Cultured ornate wrasse (Halichoeres ornatissimus) larva.


  • Ornate wrasse larvae (Halichoeres ornatissimus) were raised from captive-spawned eggs at 77-79F on cultured ciliates, wild and cultured copepods, artemia and micro pellets.
  • The larval duration was 50 days.
  • First record of Ornate wrasse culture.


Wrasses are a large and diverse group of mostly brightly colored, carnivorous reef fishes, comprising 82 genera and over 600 species. They occur in tropical to semi-temperate waters worldwide but are mainly found on shallow coral reefs. They are typically small fish, most of them less than 12 in/30 cm long, although the largest, the humphead wrasse, can measure up to 6 ft/2 m. Most wrasses are haremic, sequential hermaphrodites and have multiple juvenile and adult color phases. They typically produce eggs that are pelagic, spherical, and small, although a few North Atlantic species produce demersal eggs.

Female Ornate Wrasse (Halichoeres ornatissimus)(Hawaii).
Female Ornate Wrasse (Halichoeres ornatissimus)(Hawaii).

Numerous large wrasse species (such as the tautog, humphead wrasse, and hogfish) are heavily fished for their delicate meat, while brightly colored smaller species are popular among aquarists. Several temperate wrasse species (goldsinny, rock cook, corkwing, ballan wrasse) are aquacultured as cleaner fish to combat sea-lice infestation in salmon farms. The Humphead Wrasse (Cheilinus undulates), the Bluestreak Cleaner Wrasse (Labroides dimidiatus), the Hawaiian Cleaner Wrasse (Labroides phthirophagus), the Kyusen Wrasse (Halichoeres poecilopterus) and Hoeven’s Wrasse (Halichoeres melanurus) have been cultured experimentally. Farming most tropical wrasses is difficult, due in a large part to the small and delicate larvae at first feeding.


Ornate Wrasse (Halichoeres ornatissimus) juveniles were raised from hatchery spawned eggs in July 2015. This small (up to 6 in/15 cm), colorful wrasse species resides on mostly shallow reefs in Hawaii and the tropical Pacific, often feeding on small benthic mollusks and crustaceans. A large adult H. ornatissimus male and two adult females were collected in waters off Oahu, Hawaii. The harem was conditioned at the RCT hatchery for just over 3 weeks before they spawned. The fish reproduced daily near 4 pm. Egg quality was initially poor but gradually improved following an increase in broodstock feedings.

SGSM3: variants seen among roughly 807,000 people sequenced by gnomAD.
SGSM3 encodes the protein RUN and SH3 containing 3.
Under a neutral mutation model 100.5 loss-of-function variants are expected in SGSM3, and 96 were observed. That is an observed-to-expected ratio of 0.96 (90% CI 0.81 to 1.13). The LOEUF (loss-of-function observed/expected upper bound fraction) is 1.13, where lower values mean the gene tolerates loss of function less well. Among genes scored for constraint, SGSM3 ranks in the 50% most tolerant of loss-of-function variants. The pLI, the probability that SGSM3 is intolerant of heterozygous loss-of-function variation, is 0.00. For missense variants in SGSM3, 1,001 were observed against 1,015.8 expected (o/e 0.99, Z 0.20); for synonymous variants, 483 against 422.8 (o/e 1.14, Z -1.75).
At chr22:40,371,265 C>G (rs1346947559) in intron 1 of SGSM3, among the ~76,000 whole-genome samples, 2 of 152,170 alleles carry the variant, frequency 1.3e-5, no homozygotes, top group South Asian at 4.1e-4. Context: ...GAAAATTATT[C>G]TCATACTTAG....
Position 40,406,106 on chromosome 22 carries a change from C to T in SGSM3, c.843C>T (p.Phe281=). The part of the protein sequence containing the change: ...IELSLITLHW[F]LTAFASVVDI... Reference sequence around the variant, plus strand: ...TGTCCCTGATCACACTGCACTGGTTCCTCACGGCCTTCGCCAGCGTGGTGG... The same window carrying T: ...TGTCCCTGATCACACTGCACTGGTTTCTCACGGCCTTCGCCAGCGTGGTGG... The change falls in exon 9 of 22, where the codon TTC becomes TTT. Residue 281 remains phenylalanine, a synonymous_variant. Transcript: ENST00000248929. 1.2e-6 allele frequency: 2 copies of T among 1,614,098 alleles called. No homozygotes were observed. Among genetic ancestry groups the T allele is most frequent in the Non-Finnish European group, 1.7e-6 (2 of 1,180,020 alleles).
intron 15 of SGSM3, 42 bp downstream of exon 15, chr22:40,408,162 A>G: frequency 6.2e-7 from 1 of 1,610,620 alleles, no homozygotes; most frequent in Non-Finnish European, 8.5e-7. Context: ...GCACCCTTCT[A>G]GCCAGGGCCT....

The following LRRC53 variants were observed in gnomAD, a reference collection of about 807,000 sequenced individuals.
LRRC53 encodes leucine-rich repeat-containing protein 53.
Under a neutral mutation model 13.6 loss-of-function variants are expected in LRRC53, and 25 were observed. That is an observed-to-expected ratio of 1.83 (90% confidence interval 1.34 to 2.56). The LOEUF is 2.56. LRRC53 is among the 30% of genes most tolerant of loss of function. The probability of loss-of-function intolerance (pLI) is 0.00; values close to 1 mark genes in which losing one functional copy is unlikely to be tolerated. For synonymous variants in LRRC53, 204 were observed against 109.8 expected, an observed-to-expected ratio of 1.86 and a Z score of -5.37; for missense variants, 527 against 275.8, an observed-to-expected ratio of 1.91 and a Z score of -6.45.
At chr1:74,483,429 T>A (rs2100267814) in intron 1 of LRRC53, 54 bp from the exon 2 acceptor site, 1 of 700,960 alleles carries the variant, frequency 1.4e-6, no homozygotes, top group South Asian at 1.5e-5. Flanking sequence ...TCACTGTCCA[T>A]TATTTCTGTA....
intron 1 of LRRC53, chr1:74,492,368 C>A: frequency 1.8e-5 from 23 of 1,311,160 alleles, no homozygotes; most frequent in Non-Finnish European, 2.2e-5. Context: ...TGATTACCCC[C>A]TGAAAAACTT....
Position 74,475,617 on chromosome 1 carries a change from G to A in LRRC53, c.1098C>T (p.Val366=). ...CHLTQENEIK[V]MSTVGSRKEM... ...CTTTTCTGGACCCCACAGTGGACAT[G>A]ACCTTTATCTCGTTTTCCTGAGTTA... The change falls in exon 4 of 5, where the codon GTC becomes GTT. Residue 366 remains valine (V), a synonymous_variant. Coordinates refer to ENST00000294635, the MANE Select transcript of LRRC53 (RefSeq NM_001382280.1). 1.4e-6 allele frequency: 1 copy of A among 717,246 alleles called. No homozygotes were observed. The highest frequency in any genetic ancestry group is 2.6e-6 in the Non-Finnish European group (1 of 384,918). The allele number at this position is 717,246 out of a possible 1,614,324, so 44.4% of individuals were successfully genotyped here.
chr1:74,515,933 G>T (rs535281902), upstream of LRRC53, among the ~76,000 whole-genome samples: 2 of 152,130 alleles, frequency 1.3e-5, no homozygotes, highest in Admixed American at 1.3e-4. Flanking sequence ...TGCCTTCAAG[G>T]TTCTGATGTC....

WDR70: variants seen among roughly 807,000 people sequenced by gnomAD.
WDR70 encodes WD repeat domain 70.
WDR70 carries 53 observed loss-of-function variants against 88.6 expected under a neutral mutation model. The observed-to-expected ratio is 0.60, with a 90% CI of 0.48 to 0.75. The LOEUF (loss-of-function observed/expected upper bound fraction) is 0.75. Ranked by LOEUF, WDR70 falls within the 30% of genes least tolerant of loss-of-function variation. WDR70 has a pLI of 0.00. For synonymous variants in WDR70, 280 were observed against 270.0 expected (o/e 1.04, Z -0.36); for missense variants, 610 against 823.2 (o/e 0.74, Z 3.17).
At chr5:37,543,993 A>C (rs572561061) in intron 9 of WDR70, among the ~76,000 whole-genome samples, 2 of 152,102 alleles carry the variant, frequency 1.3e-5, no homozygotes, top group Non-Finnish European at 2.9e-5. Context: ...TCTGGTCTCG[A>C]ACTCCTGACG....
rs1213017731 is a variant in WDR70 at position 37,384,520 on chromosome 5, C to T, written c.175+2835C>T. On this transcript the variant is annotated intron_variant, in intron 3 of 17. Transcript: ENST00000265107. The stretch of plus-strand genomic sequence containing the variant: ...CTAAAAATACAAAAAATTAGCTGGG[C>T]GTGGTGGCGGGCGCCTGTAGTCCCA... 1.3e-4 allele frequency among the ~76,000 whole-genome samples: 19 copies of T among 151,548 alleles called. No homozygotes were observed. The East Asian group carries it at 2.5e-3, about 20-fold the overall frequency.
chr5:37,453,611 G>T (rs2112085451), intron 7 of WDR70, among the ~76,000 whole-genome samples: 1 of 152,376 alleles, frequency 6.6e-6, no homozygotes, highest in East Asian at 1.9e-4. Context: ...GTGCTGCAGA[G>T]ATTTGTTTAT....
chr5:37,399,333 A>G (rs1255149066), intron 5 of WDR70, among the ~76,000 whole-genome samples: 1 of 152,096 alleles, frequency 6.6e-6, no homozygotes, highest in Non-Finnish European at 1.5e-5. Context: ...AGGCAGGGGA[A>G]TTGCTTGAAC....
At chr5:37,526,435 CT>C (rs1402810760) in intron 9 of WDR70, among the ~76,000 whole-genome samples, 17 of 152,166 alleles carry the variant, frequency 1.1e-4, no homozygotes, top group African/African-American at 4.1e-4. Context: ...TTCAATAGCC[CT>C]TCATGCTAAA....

H. ornatissimus larvae were brought through first feeding on a mix of Parvocalanus sp. nauplii and ciliates (primarily Strombidium sp.) and through flexion on wild and cultured copepods. Post-flexion H. ornatissimus larvae survived well on live adult copepods and Artemia and pellets before settlement.

Development of Eggs and Larvae

H. ornatissimus eggs are spherical, clear, contain a single oil globule, and measure 0.65 mm in diameter. The larvae are small (1.6 mm TL/Total Length) and primitive at hatching, begin to feed 3 dph (days post hatching) near 2.6 mm TL and pass through flexion near 20 dph at 4.6 mm TL. Halichoeres larvae bury in sand during juvenile transformation. H. ornatissimus larvae first disappeared in the sand near 47 dph (10 mm TL), emerging 6–7 days later as colorful juveniles.


This species was difficult to rear largely because of its delicate and small-mouthed early-stage larvae. Post-flexion H. ornatissimus larvae were less fragile. The approximately 50-dph larval period of H. ornatissimus was longer than the two previously raised Halichoeres species; Halichoeres poecilopterus settled by 33 dph (Kimura and Kiriyama, 1993), and Halichoeres melanurus settled by 22 dph (Rising Tide Conservation Initiative). Longer planktonic larval durations (ranging from 39 to 56 days) have also been reported for wild H. ornatissimus larvae (Victor, 1986) so it’s likely that the H. ornatissimus larval phase will not be shortened significantly by improving the culture method. Despite this, juvenile H. ornatissimus appear ideally suited for aquaculture. They are attractive, hardy, fast growing, and not aggressive toward each other at higher stocking densities.


Baensch, F. 2016. Exploring aquarium wrasse aquaculture and breeding success with the Ornate Wrasse. CORAL 13 (6): 38–50. PDF available upon request.

Kimura, S. and T. Kiriyama. 1993. Development of eggs, larvae and juveniles of the labrid fish, Halichoeres poecilopterus, reared in the laboratory. Jpn J Ichthyol 39 (4): 371–77.

Victor, B. C. 1986. Duration of the planktonic larval stage of one hundred species of Pacific and Atlantic wrasses (family Labridae). Mar. Biol. (Berl.) 90:317326. CrossrefGoogle Scholar